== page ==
5. Filters

Filtration in aquaponic systems is essential because the solid particles, residual fish foods, and fish waste can create a severe problem in your aquaponic system. The filters capture the solid waste from the fish, plant material, and anything that might get into the system. They can clog your piping, nozzles, and plant roots and cause unwanted damage to your system.  

6. Water Pump

The water pump pumps water from the fish tank, through the filters, and into the grow beds. Pumps are used to recirculate the water in raft systems and keep the water moving.

7. Aeration Method

Aeration is the addition of oxygen into the water using ambient air. Adding more oxygen to the water is essential for the fish and the plant's health and growth. Air pumps, diffusers, air stones, or other methods can also aerate the system.

 

Floating Rafts is Aquaponics

Planting in A Raft System

Planting in a raft system of aquaponics involves suspending plants in the floating rafts (foam or polystyrene sheets), with their roots hanging down in the water. The floating rafts have holes drilled to fit the net cups used for supporting plants. The amount and location of holes depend on the vegetables and the distance between plants. For a successful aquaponics system, it is essential that you know what are the best plants to grow in aquaponics.

Seedlings can be started in a plant nursery. Once the seedlings are large enough to handle, they can be transferred into net cups and planted in the floating rafts. The net cup should be filled with grow media such as gravel or expanded clay to support the seedling. Seeds can also be planted straight into the net cups on top of the media. 

It is essential to remove the whole plant from the canal during harvest, including roots and dead leaves, to prevent clogging and solid waste buildup. The rafts should also be cleaned but not left dry to prevent killing the nitrifying bacteria on the submerged surface of the raft.

Plants To Grow In A Raft System

Small and lightweight plants are the most suitable for growing in a raft system. Vegetables that grow best in this system enjoy a moist environment and have a small root system and structure.

Factors For Choosing Raft System Plants

  • Weight

The best plants for the raft system or DWC are small and lightweight. The rafts are generally durable and affordable, but they can only support a limited weight. Top-heavy plants can fall over or break at the stems without root anchoring provided by a dense media.

  • Volume

Raft systems function on a single horizontal plane since they are too heavy to stack. If you have limited space, consider an approach to facilitate denser growing plants. Be sure to match your plant site spacing on your rafts to your plant size.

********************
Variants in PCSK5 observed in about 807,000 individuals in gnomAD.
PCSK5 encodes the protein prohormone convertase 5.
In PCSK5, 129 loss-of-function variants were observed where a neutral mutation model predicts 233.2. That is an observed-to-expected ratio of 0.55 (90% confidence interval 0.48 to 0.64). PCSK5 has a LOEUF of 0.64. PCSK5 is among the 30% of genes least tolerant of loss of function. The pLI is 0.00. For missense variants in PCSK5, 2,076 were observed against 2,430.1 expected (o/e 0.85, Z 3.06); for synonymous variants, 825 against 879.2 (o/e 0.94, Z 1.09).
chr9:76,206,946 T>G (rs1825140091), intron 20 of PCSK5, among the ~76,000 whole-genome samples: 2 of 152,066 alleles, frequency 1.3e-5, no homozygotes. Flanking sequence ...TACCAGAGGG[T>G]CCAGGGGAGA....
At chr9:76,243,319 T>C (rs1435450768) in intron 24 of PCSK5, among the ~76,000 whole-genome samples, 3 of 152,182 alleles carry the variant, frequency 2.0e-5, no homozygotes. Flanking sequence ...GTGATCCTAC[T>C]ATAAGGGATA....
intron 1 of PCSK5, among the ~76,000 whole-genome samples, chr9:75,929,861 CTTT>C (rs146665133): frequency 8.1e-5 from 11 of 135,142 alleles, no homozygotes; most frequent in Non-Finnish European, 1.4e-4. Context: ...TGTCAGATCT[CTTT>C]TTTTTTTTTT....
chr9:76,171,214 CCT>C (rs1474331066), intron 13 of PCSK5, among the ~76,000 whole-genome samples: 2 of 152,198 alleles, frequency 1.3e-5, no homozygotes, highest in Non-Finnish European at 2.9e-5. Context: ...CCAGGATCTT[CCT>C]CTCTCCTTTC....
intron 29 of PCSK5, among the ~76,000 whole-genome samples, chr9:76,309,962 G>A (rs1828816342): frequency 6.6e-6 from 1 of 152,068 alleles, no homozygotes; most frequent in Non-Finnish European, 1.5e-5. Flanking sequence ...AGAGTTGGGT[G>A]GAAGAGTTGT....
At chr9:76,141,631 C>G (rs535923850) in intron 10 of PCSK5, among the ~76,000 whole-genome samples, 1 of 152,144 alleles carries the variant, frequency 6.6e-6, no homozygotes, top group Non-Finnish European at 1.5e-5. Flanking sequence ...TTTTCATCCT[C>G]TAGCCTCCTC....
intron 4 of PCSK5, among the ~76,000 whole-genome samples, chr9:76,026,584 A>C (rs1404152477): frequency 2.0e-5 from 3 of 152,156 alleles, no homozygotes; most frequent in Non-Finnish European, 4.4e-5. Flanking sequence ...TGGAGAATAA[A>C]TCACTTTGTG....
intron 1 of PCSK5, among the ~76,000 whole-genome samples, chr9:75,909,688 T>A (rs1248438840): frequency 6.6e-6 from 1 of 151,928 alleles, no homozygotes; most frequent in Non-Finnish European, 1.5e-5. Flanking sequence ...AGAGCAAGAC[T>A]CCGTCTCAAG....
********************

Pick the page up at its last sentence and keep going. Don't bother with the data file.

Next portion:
• Water Friendly

Choose plants that are thirsty plants that will thrive in a raft system, so pick seed varieties that love water, like lettuce. Drought-loving plants will not do well in this system.

  • Harvest Potential

Ensure that the plant will provide you with a profit if you're growing commercially and a good harvest if you're growing for home use or as a hobby.

 

Lettuce in Aquaponics Systems

The Plants That Grow Best in Raft Systems are:

  • Lettuce and Leafy Greens
  • Basil 
  • Kale
  • Collard Greens
  • Chard
  • Okra
  • Kale
  • Bok choy

  • Raft Systems Tips

    The raft system can be excellent for mass production and easy to maintain with these simple tips. Here are a few tips on running and maintaining a raft system.

    • Aeration is the key. This should be maintained regularly to ensure your plants and fish have plenty of oxygen to live and grow. The water needs air added either by pumps or air stones or some methods to increase the dissolved oxygen content. 
    • Test the water's pH level and temperature regularly to ensure that it is within the appropriate range and the nitrification process is operating.
    • Check the pumps and piping regularly for proper functions and remove any solid materials from the filters that might clog or block.
    • To ensure maximum yield from your system, use plants and fish that are easy to care for, grow quickly, and are disease resistant.

    Conclusion

    The raft systems are one of the most straightforward aquaponics systems to set up and are most promising for commercial and mass production. The rafts can be reused for many planting cycles once the plants are harvested. Subscribe to our newsletter to be notified when we publish new articles.